Rainbow season has now ended. This magical phenom is rare in winter, since it requires a sky with separate clouds instead of the overcast we commonly get from November through April.
Instead, these days we sometimes see even more vivid rainbow-like phenomena that go entirely unrecognized. Or misidentified. A few years ago, a well-known diffraction effect caused by sunlight striking low cirrus clouds produced a vivid horizontal band of brilliant colors. The newspaper that published it captioned it as being a “fire rainbow.” But there’s no such thing.
The same story applies to cloud iridescence, the vivid colors often seen on the fringes of white clouds. “Look, it’s a rainbow!” people excitedly exclaim. So let’s go back to junior high Earth Science for a minute.
A rainbow happens opposite the Sun and nowhere else. So if what you’re seeing isn’t exactly opposite the Sun, it’s not a rainbow. It appears when sunlight strikes falling rain. So if it’s 20 degrees outside so there’s no way rain is falling, you can forget about rainbows too.
Whenever you’re positioned between lowish sun and rain, there will probably be a rainbow. It’s large, invariable, 42-degree radius, always centered on the shadow of your head, dictates its limitations. Between April and September, rainbows can’t be seen between 10:30 a.m. and 3:30 p.m. because the sun is then higher than 42 degrees and the anti-solar point lurks too far below the opposite horizon. It makes sense that rainbows display their largest arcs when the sun is lowest.
Blue is always on the inside, red on the outside, but the intensity varies. Often, nine degrees outside the main rainbow a second, weaker one appears, with colors always reversed. All rainbows are caused by reflection and refraction within water droplets, and this secondary bow is fainter because the light has undergone an extra bounce within each drop.
The sky between the two rainbows is darker than anywhere else. The name for this phenomenon, Alexander’s Dark Band, is oddly similar to the old song with “ragtime” in the middle. It honors Alexander of Aphrodisias, who in 200 AD first noted the phenomenon. Point it out the next time you observe it and see if possessing such arcane knowledge, along with the Aphrodisias part, has any salutary effect on your date.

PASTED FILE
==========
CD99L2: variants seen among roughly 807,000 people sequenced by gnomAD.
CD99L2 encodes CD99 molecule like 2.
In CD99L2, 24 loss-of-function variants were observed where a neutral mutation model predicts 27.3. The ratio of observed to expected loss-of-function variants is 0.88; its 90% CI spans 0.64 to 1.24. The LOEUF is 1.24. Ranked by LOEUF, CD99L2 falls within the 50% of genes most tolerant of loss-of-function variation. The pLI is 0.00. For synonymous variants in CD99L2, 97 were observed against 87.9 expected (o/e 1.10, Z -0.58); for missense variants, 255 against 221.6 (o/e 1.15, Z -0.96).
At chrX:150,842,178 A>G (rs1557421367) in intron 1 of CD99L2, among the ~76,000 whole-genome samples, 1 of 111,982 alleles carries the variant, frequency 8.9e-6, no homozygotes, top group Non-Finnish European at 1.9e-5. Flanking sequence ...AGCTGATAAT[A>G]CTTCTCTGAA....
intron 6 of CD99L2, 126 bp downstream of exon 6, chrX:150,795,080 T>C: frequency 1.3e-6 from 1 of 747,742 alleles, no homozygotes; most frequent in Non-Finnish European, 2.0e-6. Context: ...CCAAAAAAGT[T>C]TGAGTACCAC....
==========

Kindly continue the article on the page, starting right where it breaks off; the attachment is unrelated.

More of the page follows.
A lawn sprinkler produces a nearby rainbow while rain-cloud rainbows can be miles away. Yet they’re all the same apparent size. It’s also true that your rainbow is unique. Someone next to you receives light from an entirely different set of raindrops. They see a separate rainbow.
My favorite fact: You can never see a rainbow and its reflection. That’s because rainbows are not real 3-D objects. Nor can rainbows cast shadows. Their fairyland reputation is well deserved. Everything about rainbows is either strange or beautiful or both.
Since most people call any spectral colors in the sky a rainbow, what they’re usually seeing — especially during these cold months — is a totally different event. Nature lovers habitually look for these. The three most colorful ones are sundogs, the 22° halo, and the CZA. All are caused by refraction (light bending) within hexagonal ice crystals, which is what high thin clouds are composed of, even in summer.
Whenever the Sun shines through high thin clouds, block out its brilliance with an outstretched hand, and gaze far around it. Do this and I guarantee you’ll see the beautiful 22° halo once or twice a week. It’s always the same size, and with red on the inside. A spread-apart thumb tip to pinky held at arm’s length accurately measures the gap between the Sun and this halo.
When the Sun is about a third of the way up the sky, look very far above it for the CZA, the circumzenithal arc. This is visible only a few times a year, but is worth hunting for since its gorgeous colors are so deep and saturated, they make a rainbow seem pale by comparison. It appears against a blue or slightly milky sky and is always very nearly directly overhead — a location an actual rainbow never occupies.
Finally, when the Sun is fairly low and feathery cirrus clouds are bountiful, look directly to its right and left for sundogs. Technically called parhelia, these brilliant color patches are sometimes plain white but always breathtaking even if they’re common. We get them once or twice a week here.
Sundogs, haloes and the CZA. None are rainbows but each is a pot of gold.